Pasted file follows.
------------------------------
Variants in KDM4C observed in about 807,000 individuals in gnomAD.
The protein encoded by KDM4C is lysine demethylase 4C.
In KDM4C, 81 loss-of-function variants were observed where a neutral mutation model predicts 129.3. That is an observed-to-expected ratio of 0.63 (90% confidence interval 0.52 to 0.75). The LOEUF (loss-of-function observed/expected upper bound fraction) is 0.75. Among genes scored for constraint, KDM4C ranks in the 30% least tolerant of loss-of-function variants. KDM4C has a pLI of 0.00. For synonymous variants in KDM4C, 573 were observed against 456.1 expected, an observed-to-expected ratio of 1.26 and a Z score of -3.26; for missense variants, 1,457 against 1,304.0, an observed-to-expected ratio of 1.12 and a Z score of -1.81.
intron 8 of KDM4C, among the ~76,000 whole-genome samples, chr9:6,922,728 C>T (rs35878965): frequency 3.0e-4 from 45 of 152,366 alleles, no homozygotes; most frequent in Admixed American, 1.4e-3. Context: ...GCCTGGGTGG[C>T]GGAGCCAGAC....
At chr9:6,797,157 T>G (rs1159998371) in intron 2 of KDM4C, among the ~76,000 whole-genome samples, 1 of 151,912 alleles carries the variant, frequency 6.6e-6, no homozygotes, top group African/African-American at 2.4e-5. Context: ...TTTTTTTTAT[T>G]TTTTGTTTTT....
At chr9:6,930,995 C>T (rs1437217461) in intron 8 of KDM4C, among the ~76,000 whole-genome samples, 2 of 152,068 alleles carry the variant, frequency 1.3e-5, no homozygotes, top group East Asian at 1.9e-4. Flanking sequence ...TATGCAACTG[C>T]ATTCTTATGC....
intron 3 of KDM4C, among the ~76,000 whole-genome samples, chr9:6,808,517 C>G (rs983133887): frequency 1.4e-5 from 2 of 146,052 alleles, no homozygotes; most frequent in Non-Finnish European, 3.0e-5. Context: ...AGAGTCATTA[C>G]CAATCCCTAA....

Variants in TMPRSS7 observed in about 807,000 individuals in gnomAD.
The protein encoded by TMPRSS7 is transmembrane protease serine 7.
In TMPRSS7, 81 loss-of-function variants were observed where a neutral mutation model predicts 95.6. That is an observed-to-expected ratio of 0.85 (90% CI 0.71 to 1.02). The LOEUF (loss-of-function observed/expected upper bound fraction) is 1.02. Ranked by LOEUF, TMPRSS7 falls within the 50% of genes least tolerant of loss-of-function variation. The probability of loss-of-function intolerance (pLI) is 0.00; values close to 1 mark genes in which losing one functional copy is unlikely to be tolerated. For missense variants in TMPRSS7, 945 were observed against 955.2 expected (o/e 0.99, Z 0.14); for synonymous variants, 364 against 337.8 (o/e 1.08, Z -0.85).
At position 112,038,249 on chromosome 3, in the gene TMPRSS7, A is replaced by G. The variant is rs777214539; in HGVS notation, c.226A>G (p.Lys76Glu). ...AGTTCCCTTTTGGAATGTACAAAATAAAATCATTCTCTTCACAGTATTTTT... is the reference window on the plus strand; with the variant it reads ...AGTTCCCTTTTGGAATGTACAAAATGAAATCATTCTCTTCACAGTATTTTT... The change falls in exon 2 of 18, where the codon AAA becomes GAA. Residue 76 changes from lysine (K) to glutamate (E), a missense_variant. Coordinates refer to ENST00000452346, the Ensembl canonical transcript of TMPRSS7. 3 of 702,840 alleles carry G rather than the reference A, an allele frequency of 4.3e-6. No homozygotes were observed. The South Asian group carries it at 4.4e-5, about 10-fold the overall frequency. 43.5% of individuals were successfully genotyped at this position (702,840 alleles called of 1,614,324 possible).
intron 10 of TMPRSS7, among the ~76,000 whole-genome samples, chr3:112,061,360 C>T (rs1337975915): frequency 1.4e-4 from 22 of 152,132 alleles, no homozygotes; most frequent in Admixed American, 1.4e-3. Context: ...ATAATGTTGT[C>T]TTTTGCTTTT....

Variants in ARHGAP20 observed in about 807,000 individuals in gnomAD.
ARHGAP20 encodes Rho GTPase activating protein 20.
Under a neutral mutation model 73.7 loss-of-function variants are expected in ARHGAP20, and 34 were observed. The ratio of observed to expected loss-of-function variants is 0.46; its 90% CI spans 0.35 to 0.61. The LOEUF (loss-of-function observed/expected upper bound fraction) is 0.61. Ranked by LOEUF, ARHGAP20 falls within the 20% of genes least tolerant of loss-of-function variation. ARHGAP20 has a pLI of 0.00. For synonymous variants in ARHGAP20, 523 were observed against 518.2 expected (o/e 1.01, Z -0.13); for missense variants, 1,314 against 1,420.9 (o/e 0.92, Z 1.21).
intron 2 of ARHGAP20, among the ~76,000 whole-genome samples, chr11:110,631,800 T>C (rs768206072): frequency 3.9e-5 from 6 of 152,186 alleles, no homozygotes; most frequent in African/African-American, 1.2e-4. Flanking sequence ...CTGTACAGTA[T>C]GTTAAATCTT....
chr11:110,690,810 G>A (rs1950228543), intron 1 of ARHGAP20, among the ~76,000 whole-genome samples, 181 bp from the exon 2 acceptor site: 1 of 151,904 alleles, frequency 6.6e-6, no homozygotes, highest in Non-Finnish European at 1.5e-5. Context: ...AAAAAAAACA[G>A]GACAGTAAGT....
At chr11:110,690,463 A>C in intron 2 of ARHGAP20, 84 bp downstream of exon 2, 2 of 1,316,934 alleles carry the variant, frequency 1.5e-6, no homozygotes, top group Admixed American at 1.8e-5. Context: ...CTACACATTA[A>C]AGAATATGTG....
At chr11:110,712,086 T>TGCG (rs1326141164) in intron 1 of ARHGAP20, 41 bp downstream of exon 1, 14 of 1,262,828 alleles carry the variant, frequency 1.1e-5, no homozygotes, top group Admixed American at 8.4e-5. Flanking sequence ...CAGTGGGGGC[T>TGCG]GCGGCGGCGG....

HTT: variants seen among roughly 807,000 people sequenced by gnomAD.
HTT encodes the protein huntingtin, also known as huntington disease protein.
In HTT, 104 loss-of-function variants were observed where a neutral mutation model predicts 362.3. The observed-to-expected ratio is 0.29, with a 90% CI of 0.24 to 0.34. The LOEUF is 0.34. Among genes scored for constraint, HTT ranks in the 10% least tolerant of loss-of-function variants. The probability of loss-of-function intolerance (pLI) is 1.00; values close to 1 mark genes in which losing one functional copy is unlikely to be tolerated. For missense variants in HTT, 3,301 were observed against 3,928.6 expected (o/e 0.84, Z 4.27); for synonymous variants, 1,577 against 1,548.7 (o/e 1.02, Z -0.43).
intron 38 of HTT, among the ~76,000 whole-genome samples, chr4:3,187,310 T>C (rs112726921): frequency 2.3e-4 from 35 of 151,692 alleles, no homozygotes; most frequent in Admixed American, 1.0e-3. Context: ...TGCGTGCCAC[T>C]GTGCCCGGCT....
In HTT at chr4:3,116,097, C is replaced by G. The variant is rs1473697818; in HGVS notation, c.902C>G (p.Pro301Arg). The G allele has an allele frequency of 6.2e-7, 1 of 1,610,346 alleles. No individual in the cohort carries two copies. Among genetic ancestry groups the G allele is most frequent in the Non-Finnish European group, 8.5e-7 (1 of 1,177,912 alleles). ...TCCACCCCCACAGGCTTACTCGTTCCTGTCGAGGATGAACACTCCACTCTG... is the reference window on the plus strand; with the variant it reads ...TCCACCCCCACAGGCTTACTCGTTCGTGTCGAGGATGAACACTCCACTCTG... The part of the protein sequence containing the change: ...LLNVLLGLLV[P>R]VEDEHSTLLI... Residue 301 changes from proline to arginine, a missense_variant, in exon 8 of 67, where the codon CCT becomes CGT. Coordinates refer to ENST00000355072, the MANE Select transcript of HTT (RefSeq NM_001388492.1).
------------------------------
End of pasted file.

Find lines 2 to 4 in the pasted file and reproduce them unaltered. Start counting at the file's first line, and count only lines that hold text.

The protein encoded by KDM4C is lysine demethylase 4C.
In KDM4C, 81 loss-of-function variants were observed where a neutral mutation model predicts 129.3. That is an observed-to-expected ratio of 0.63 (90% confidence interval 0.52 to 0.75). The LOEUF (loss-of-function observed/expected upper bound fraction) is 0.75. Among genes scored for constraint, KDM4C ranks in the 30% least tolerant of loss-of-function variants. KDM4C has a pLI of 0.00. For synonymous variants in KDM4C, 573 were observed against 456.1 expected, an observed-to-expected ratio of 1.26 and a Z score of -3.26; for missense variants, 1,457 against 1,304.0, an observed-to-expected ratio of 1.12 and a Z score of -1.81.
intron 8 of KDM4C, among the ~76,000 whole-genome samples, chr9:6,922,728 C>T (rs35878965): frequency 3.0e-4 from 45 of 152,366 alleles, no homozygotes; most frequent in Admixed American, 1.4e-3. Context: ...GCCTGGGTGG[C>T]GGAGCCAGAC....